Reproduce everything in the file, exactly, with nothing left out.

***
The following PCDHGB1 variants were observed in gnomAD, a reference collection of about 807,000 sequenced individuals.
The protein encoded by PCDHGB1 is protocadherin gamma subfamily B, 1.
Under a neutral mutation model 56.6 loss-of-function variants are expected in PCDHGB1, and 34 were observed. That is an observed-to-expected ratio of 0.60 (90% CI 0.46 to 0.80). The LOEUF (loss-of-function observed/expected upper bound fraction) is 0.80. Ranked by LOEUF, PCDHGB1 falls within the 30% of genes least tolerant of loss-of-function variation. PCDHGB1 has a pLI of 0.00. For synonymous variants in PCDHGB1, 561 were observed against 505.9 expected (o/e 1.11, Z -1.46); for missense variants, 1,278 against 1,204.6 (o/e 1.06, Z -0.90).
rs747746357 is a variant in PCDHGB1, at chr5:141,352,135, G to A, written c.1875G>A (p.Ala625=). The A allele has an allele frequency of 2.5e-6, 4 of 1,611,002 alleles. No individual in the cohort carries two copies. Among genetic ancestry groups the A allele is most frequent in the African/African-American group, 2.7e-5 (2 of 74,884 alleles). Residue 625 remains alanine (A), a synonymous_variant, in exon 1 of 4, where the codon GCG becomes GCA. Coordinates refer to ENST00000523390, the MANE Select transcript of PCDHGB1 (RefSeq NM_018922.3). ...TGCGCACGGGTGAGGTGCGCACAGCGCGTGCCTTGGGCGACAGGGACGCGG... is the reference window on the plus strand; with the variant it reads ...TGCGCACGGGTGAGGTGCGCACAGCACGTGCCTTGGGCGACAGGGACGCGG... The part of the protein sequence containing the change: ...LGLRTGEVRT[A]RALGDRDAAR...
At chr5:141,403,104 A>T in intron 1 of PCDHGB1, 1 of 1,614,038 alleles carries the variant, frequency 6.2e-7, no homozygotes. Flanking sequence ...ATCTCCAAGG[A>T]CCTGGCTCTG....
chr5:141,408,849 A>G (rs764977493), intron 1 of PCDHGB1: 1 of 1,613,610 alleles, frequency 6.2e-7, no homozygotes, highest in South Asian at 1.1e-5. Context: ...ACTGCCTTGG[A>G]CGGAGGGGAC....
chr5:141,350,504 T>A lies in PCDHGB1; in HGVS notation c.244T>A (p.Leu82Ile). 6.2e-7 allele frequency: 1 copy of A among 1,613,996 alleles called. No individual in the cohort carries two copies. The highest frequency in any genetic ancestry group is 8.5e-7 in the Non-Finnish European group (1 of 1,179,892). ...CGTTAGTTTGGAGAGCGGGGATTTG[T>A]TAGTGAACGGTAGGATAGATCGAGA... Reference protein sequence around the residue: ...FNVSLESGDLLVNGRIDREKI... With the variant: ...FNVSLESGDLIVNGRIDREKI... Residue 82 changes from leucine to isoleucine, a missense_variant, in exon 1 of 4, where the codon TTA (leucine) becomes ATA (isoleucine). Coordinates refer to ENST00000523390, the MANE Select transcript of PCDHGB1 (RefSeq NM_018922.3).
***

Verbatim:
The following PCDHGB1 variants were observed in gnomAD, a reference collection of about 807,000 sequenced individuals.
The protein encoded by PCDHGB1 is protocadherin gamma subfamily B, 1.
Under a neutral mutation model 56.6 loss-of-function variants are expected in PCDHGB1, and 34 were observed. That is an observed-to-expected ratio of 0.60 (90% CI 0.46 to 0.80). The LOEUF (loss-of-function observed/expected upper bound fraction) is 0.80. Ranked by LOEUF, PCDHGB1 falls within the 30% of genes least tolerant of loss-of-function variation. PCDHGB1 has a pLI of 0.00. For synonymous variants in PCDHGB1, 561 were observed against 505.9 expected (o/e 1.11, Z -1.46); for missense variants, 1,278 against 1,204.6 (o/e 1.06, Z -0.90).
rs747746357 is a variant in PCDHGB1, at chr5:141,352,135, G to A, written c.1875G>A (p.Ala625=). The A allele has an allele frequency of 2.5e-6, 4 of 1,611,002 alleles. No individual in the cohort carries two copies. Among genetic ancestry groups the A allele is most frequent in the African/African-American group, 2.7e-5 (2 of 74,884 alleles). Residue 625 remains alanine (A), a synonymous_variant, in exon 1 of 4, where the codon GCG becomes GCA. Coordinates refer to ENST00000523390, the MANE Select transcript of PCDHGB1 (RefSeq NM_018922.3). ...TGCGCACGGGTGAGGTGCGCACAGCGCGTGCCTTGGGCGACAGGGACGCGG... is the reference window on the plus strand; with the variant it reads ...TGCGCACGGGTGAGGTGCGCACAGCACGTGCCTTGGGCGACAGGGACGCGG... The part of the protein sequence containing the change: ...LGLRTGEVRT[A]RALGDRDAAR...
At chr5:141,403,104 A>T in intron 1 of PCDHGB1, 1 of 1,614,038 alleles carries the variant, frequency 6.2e-7, no homozygotes. Flanking sequence ...ATCTCCAAGG[A>T]CCTGGCTCTG....
chr5:141,408,849 A>G (rs764977493), intron 1 of PCDHGB1: 1 of 1,613,610 alleles, frequency 6.2e-7, no homozygotes, highest in South Asian at 1.1e-5. Context: ...ACTGCCTTGG[A>G]CGGAGGGGAC....
chr5:141,350,504 T>A lies in PCDHGB1; in HGVS notation c.244T>A (p.Leu82Ile). 6.2e-7 allele frequency: 1 copy of A among 1,613,996 alleles called. No individual in the cohort carries two copies. The highest frequency in any genetic ancestry group is 8.5e-7 in the Non-Finnish European group (1 of 1,179,892). ...CGTTAGTTTGGAGAGCGGGGATTTG[T>A]TAGTGAACGGTAGGATAGATCGAGA... Reference protein sequence around the residue: ...FNVSLESGDLLVNGRIDREKI... With the variant: ...FNVSLESGDLIVNGRIDREKI... Residue 82 changes from leucine to isoleucine, a missense_variant, in exon 1 of 4, where the codon TTA (leucine) becomes ATA (isoleucine). Coordinates refer to ENST00000523390, the MANE Select transcript of PCDHGB1 (RefSeq NM_018922.3).